ABSTRACT: The use of prophylactic antibiosis in podiatric surgery is common, especially in patients undergoing endoprosthetic procedures, major arthrodeses, lengthy procedures, or in immunocompromised patients. The goal of prophylaxis is to prevent infection. For this to occur, there must be an adequate concentration of the antimicrobial agent in the tissue at the time of the incision. Historically, prophylaxis has consisted of intravenous administration of 1 gm. of cefazolin, 30 to 60 minutes prior to surgery. Cefazolin concentrations in the medial eminence of the first metatarsal were measured in patients undergoing bunionectomy procedures where pneumatic ankle tourniquets were used for hemostasis. The goal of this study was to determine if the current standards of prophylactic antibiotic administration provide adequate bone levels of cefazolin to effectively inhibit potential infection-causing pathogens.
    The Journal of Foot and Ankle Surgery 07/1996; 35(4):344-9. DOI:10.1016/S1067-2516(96)80085-8 · 0.85 Impact Factor
  • David R. Calderone · Brian G. Loder · David Denny · Russell S. Sticha · Stuart J. Wertheimer ·
    [Show abstract] [Hide abstract]
    ABSTRACT: Closed-ankle fractures presenting to the podiatric service between 1978 and 1991 are reviewed. Patients able to return for follow-up were tested through Cybex isokinetic testing, proprioception, and radiographic studies. All patients reviewed had equal or greater strength and endurance on the involved side when compared to the uninvolved side. Proprioceptive deficits were noted in all patients with lateral malleolar involvement regardless of time of follow-up.
    The Journal of Foot and Ankle Surgery 05/1996; 35(3):230-6. DOI:10.1016/S1067-2516(96)80103-7 · 0.85 Impact Factor
  • Zachary J. Nellas · Brian G. Loder · Stuart J. Wertheimer ·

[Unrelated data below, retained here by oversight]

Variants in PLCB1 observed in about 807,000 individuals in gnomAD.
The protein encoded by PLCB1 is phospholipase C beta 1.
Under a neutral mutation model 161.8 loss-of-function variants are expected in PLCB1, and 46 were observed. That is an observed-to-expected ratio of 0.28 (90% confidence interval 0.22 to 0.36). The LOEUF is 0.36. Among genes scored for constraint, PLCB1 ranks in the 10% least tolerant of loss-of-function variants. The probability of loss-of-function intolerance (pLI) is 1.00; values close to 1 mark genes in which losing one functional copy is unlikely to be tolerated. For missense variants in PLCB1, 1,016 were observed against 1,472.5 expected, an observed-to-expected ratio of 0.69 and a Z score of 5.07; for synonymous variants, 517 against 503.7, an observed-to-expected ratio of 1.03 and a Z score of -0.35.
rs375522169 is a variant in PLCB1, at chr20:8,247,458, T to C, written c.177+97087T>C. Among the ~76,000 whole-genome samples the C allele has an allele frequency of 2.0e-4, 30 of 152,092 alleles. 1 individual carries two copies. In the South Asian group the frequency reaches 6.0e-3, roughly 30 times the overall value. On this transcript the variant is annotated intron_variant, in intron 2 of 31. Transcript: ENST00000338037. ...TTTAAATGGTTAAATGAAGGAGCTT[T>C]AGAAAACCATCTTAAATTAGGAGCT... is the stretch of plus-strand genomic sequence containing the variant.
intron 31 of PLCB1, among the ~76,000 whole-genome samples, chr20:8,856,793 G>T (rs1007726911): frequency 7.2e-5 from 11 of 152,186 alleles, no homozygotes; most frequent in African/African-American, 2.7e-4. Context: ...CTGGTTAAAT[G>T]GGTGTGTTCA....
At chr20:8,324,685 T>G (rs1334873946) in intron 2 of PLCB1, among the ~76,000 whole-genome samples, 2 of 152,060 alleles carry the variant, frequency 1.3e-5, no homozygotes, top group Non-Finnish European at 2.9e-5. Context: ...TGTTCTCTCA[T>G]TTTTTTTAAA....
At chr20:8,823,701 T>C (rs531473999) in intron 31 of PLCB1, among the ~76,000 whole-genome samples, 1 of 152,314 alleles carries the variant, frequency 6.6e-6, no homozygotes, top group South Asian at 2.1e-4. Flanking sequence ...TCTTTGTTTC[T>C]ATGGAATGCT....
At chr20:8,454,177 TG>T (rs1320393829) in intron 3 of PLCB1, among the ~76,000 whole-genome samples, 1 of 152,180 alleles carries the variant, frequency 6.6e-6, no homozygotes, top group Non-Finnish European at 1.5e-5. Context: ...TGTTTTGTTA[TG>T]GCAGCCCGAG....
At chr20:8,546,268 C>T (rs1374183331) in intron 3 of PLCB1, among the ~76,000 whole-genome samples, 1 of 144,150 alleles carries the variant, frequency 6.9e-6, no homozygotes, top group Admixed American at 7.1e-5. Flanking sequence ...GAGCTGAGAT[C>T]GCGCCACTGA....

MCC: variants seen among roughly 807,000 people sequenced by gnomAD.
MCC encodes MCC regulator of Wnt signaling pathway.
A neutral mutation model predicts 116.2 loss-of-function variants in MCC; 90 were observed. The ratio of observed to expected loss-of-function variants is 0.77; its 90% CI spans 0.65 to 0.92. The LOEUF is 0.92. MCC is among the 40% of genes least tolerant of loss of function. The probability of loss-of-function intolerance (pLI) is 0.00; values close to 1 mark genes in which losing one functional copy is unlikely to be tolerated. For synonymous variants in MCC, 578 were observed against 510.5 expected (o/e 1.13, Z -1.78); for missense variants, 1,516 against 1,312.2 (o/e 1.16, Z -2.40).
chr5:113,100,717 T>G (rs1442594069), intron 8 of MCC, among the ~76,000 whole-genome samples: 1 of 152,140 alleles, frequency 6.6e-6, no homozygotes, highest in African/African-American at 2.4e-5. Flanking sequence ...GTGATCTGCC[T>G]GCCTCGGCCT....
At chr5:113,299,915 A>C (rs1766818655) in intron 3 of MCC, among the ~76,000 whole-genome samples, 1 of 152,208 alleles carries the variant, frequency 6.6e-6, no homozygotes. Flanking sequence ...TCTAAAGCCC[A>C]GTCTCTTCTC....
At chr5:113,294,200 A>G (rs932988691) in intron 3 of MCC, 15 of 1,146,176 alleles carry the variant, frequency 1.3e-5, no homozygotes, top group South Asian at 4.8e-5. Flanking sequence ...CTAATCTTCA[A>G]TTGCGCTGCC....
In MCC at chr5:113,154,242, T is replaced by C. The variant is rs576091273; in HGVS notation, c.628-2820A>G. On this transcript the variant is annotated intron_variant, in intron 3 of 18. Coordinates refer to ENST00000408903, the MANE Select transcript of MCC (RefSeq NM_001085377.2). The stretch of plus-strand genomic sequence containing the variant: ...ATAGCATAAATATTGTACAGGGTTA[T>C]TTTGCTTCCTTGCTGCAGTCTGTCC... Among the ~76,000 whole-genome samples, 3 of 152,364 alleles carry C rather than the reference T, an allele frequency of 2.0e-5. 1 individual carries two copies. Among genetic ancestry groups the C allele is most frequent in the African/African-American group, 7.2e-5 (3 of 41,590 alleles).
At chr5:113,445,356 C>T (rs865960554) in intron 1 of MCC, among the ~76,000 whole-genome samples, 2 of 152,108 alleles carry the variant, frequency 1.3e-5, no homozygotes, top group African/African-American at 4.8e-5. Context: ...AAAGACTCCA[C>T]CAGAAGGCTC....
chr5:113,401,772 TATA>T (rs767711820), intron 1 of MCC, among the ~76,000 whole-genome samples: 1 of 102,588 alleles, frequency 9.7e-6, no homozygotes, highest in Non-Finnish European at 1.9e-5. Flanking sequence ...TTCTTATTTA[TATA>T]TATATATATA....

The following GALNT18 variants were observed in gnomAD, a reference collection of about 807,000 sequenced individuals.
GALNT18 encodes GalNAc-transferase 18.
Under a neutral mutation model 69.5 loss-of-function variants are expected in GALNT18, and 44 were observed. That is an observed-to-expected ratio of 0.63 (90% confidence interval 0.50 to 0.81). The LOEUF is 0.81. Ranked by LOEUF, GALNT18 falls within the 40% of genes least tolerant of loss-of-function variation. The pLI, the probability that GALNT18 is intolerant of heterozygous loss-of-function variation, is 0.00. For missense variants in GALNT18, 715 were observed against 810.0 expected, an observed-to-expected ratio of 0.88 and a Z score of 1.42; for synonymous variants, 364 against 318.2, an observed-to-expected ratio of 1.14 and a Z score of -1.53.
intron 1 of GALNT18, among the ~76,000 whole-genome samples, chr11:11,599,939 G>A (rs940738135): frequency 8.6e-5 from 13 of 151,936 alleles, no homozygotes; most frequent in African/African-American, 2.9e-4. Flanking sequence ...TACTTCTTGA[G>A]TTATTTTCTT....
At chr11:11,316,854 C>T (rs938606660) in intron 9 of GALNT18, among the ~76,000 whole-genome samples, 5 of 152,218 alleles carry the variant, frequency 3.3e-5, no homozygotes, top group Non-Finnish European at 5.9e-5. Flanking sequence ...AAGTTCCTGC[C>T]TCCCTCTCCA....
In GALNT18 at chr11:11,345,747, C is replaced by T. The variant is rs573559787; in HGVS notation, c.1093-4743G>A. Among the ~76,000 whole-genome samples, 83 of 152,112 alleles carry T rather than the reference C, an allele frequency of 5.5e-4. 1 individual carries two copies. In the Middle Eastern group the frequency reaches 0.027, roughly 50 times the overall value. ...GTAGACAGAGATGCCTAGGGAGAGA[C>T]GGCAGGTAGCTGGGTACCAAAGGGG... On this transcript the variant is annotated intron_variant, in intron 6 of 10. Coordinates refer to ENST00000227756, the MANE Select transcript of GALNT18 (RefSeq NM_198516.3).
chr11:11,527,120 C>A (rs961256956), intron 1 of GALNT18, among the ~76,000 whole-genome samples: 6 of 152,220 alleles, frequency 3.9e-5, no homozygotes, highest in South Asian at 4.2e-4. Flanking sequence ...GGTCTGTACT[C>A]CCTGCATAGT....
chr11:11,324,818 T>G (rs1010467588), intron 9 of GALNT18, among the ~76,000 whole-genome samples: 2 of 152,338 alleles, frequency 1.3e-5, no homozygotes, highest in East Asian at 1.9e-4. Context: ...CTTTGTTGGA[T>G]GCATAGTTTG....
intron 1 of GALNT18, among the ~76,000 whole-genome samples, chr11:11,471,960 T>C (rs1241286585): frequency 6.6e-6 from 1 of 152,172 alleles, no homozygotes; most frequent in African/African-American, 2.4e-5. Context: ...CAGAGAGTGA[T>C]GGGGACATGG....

[Show abstract] [Hide abstract]
    ABSTRACT: Acute ruptures of the Achilles tendon are common. Treatment for such ruptures is well documented. Treatment for chronic ruptures with a significant defect poses a surgical dilemma. The authors present the use of a tendon allograft to replace an Achilles tendon defect with a 2.5-year clinical follow-up inclusive of isokinetic testing.
    The Journal of Foot and Ankle Surgery 03/1996; 35(2):144-8; discussion 190. DOI:10.1016/S1067-2516(96)80031-7 · 0.85 Impact Factor
  • Christina A. Weber · Stuart J. Wertheimer · Anthony Ognjan ·
    [Show abstract] [Hide abstract]
    ABSTRACT: Lacerations or puncture wounds sustained in freshwater environments are susceptible to contamination by Aeromonas hydrophila. Numerous cases have been reported of cellulitis secondary to water-related injuries requiring hospitalization where A. hydrophila was the isolated organism. The typical presentation of an infection of A. hydrophila mimics a streptococcal soft tissue infection, which may result in delay in administration of appropriate antibiotics. A case is presented of a nonimmunocompromised patient who developed an A. hydrophila infection following freshwater-related injuries.
    The Journal of Foot and Ankle Surgery 09/1995; 34(5):442-6. DOI:10.1016/S1067-2516(09)80019-7 · 0.85 Impact Factor
  • Brian G. Loder · David R. Calderone · John Sharp · Alan Stiebel · Stuart J. Wertheimer ·
    [Show abstract] [Hide abstract]
    ABSTRACT: Surgical treatment of hematogenous osteomyelitis is uncommon in the literature. Indications for surgical decompression, along with a review of the literature, is presented. A case history of a 7-year-old male with hematogenous osteomyelitis of the first metatarsal treated by surgical decompression and 12-month follow-up is discussed.
    The Journal of Foot and Ankle Surgery 07/1995; 34(4):347-53. DOI:10.1016/S1067-2516(09)80003-3 · 0.85 Impact Factor
  • Brian G. Loder · Stephen T. Frascone · Stuart J. Wertheimer ·
    [Show abstract] [Hide abstract]